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Release Date: 07/28/23 [VOD]
Genre: Comedy. Drama. Mystery.

Studio: Vertical Entertainment.

"An awkward college student who seizes the opportunity to bolster her popularity and her under-the-radar true-crime podcast by solving the disappearance of a classmate." 


Susie Searches begins as a satire on true crime fascination filtered through small-town boredom and a smaller college campus. Then the film shifts from a cute, harmless junior detective story toward suspense, violence, exploitation, and overnight fame until it concludes as one of the most polarizing and confusing films I’ve ever seen.


To watch it is to experience steadily mounting frustration as you realize the filmmakers, director Sophie Kargman and writer William Day Frank, have taken enormous risks and have yet to quite get away with them and made a movie that never finds its own identity or audience. 


To describe the plot would spoil much of what is in store. I will tread softly. A young college student, Susie (Kiersey Clemons), is looking to break through the noise of the saturated market of true crime channels with her podcast and social media presence. Since she was a little girl, Susie was gifted in deducing the culprits in various whodunit stories her mom would read to her before bedtime. She now fantasizes about cracking cold cases and being the unconventional detective, a hero in her own story. Susie volunteers at the local police station, where she is treated more like a hindrance than a helper. She works part-time at the local burger joint and occasionally goes to class. And since her mother fell to Multiple Sclerosis, she is providing care and support on the home front. 


Susie’s world is populated with a swath of characters who also don’t know what movie they’re in. She has an ineffectual coworker Jillian (Rachel Sennott), and a manager Ken (Edgar Cabot), who is conflicted by civic duty and his streams of repressed rage. To call them one-note caricatures wouldn’t be fair, but the less I saw of them, the happier I was. The local police operate on ego and simple-mindedness, a trope that has long since worn out its welcome. Jim Gaffigan plays the seemingly inept police chief Sheriff Loggins whose bird-watching hobby serves as his one flash of brilliance in a later scene. 


Susie’s podcast channel doesn’t gain traction until she solves a case of a missing fellow student Jesse (Alex Wolff), early in the film. Alex Wolff, whose breakout role in Hereditary feels like a lifetime ago, channels enough charisma to play off Susie’s shy, awkwardness. His character is a local social media celebrity specializing in yoga, meditation, etc. To the shock of no one, his internet personality is a mask of his anxiety. This revelation becomes essential later in the film. Wolff and Clemons individually shine, yet somehow hold each other back in shared scenes.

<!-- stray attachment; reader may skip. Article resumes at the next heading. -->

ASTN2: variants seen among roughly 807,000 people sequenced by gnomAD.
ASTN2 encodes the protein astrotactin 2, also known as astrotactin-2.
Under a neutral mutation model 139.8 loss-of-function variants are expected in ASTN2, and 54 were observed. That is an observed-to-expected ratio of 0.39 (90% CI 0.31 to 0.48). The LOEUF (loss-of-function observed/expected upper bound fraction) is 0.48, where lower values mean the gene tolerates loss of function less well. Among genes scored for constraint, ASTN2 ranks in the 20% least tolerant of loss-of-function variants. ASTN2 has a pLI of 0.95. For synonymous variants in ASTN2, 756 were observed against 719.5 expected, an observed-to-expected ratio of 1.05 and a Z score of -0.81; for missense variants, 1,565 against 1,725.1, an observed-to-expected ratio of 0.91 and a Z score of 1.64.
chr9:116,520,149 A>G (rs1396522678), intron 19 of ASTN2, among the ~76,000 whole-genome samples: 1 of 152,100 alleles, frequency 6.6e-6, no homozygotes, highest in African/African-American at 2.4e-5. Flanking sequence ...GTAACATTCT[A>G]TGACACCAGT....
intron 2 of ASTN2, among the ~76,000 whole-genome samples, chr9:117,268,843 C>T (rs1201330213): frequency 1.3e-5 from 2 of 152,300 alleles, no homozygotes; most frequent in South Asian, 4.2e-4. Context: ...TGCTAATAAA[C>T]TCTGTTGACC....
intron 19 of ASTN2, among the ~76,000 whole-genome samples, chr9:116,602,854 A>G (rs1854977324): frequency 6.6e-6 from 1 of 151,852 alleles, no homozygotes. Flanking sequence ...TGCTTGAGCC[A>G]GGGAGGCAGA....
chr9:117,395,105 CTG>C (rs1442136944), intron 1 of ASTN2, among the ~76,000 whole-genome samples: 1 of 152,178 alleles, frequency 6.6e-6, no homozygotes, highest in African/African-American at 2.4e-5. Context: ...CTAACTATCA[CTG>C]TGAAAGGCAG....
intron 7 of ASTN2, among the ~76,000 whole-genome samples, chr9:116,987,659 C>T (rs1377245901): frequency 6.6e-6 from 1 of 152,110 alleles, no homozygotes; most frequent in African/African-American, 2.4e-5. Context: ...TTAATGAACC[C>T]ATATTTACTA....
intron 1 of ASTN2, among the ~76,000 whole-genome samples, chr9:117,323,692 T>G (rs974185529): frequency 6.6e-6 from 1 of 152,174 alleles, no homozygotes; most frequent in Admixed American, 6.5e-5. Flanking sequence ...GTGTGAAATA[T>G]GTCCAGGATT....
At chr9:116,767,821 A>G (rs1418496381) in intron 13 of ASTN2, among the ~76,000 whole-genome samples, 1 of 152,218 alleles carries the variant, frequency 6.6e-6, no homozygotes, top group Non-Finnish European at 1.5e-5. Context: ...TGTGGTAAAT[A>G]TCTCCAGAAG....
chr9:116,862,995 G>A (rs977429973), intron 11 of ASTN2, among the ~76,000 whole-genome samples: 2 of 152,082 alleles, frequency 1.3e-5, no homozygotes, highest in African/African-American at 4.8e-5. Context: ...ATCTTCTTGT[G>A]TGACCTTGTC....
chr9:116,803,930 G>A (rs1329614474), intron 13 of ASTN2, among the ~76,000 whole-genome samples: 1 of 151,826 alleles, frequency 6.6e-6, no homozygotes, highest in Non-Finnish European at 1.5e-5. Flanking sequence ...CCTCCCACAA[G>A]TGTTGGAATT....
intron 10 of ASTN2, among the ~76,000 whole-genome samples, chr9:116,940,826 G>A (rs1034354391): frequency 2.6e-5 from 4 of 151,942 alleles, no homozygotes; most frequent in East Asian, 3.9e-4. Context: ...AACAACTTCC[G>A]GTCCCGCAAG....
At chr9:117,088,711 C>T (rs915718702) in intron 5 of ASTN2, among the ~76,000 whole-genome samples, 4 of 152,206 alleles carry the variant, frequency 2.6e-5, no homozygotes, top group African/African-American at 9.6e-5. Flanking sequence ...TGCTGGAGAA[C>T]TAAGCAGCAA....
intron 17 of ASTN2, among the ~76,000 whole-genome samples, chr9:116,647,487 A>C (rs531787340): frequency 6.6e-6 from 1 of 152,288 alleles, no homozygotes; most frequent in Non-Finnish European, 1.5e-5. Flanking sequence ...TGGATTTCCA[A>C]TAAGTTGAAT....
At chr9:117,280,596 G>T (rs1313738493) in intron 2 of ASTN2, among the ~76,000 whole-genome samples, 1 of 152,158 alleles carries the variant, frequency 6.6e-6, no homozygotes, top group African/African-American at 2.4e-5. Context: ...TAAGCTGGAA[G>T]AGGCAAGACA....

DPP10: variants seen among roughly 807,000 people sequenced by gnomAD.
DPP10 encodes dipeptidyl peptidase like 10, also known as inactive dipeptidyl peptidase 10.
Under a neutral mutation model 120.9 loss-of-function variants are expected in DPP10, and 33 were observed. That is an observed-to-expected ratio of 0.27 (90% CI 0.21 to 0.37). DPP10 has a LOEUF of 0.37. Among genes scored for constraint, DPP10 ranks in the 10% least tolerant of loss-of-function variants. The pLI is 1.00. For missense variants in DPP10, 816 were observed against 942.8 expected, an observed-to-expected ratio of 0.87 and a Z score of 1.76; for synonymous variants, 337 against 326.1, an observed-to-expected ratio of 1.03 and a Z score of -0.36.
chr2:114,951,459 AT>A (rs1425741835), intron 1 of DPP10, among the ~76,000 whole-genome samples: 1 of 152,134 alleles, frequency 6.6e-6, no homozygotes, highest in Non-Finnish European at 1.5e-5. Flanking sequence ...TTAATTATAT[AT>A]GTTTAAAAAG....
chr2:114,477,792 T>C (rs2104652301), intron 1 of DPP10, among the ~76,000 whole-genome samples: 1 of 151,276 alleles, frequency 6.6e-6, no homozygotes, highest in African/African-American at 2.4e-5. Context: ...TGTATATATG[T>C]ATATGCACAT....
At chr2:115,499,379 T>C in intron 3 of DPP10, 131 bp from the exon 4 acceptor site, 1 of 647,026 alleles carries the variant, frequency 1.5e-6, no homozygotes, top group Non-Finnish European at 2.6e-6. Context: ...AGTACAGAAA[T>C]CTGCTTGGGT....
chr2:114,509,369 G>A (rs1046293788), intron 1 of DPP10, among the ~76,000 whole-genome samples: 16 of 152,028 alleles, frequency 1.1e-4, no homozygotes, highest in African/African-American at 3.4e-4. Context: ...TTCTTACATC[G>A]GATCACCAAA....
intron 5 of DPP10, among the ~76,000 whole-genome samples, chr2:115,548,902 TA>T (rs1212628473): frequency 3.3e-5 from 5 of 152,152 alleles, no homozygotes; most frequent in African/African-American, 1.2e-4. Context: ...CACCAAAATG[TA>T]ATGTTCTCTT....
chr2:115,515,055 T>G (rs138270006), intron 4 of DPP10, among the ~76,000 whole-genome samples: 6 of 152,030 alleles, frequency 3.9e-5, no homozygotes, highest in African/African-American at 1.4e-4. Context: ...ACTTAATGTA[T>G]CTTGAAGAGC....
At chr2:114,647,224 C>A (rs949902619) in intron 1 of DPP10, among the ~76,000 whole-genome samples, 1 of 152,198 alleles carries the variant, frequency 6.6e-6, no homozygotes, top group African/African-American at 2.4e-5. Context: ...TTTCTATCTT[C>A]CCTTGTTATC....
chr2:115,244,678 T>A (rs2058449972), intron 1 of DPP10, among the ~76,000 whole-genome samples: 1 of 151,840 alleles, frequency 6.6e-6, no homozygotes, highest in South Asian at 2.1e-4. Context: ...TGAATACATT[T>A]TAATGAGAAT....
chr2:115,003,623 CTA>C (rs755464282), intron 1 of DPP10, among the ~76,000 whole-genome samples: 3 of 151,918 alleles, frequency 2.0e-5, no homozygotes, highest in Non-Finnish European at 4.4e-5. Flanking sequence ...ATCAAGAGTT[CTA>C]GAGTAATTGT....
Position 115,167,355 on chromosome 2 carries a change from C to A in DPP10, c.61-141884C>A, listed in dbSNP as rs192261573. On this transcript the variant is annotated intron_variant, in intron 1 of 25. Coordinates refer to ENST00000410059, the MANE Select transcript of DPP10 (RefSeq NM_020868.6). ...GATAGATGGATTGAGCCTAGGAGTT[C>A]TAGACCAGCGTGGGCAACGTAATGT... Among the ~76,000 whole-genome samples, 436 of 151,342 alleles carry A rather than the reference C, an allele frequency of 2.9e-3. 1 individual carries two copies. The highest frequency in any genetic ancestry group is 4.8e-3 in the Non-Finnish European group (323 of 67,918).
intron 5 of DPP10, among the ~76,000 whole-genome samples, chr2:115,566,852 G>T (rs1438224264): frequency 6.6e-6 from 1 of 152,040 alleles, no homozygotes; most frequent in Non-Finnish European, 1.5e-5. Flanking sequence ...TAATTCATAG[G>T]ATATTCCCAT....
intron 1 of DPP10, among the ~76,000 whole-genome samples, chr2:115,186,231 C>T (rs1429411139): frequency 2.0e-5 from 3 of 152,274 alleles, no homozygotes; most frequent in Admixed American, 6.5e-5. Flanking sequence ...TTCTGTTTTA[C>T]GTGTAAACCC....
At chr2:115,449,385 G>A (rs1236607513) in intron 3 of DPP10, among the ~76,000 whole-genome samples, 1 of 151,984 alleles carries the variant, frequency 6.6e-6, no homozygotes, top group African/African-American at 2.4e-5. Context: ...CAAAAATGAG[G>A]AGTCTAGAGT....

Early in the film, Jesse is kidnapped, and his estranged uncle is marked as suspect number one. Susie does her sleuthing with internet searches and tack boards affixed with yarn, photos, lists, etc. She cracks Jesse’s location with probability tactics. She rescues him and becomes an overnight sensation, and all her dreams start coming true. However, this plot point happens only a half hour into the film.


Right after Susie brings Jesse home, the sharp pivot turns Susie Searches from the whimsy, coming-of-age tale of inspiration into a much darker and frustrating story. The film sours into bleakness as if rain clouds got blown in from the west. The college president (Geoffrey Owens) has no issue exploiting Jesse’s trauma and Susie’s heroic efforts to drum up press and school funding. Deputy Graham (David Walton) and Sheriff Loggins regard Susie as an even bigger nuisance after her public exposure, projecting their insecurity as stable law enforcement. Jesse’s closest friend Ray (Isaac Powell) begins to obsess about Susie by stalking her on social media and in real life. 


I think said twist had to be delivered quickly because the audience would have eventually put it together. With the small setting and smaller cast, the movie only has so many places it can go. True crime’s popularity in the last decade has sky-rocketed; 44% of all podcast listeners tune in to true crime. I suspect that conditioned true crime listeners played their part in story structure; the lasting popularity of this genre has simultaneously armed the viewer and put the filmmakers in a tight corner. This movie does have an audience, and I am sure some viewers will appreciate the often-frustrating paces it puts them through. But after subjecting movie-goers to this story once, this film will not draw them back for a rewatch. The truth is the big “twist” happens too early that Susie Searches resorts to being a self-licking ice cream cone to justify its runtime.

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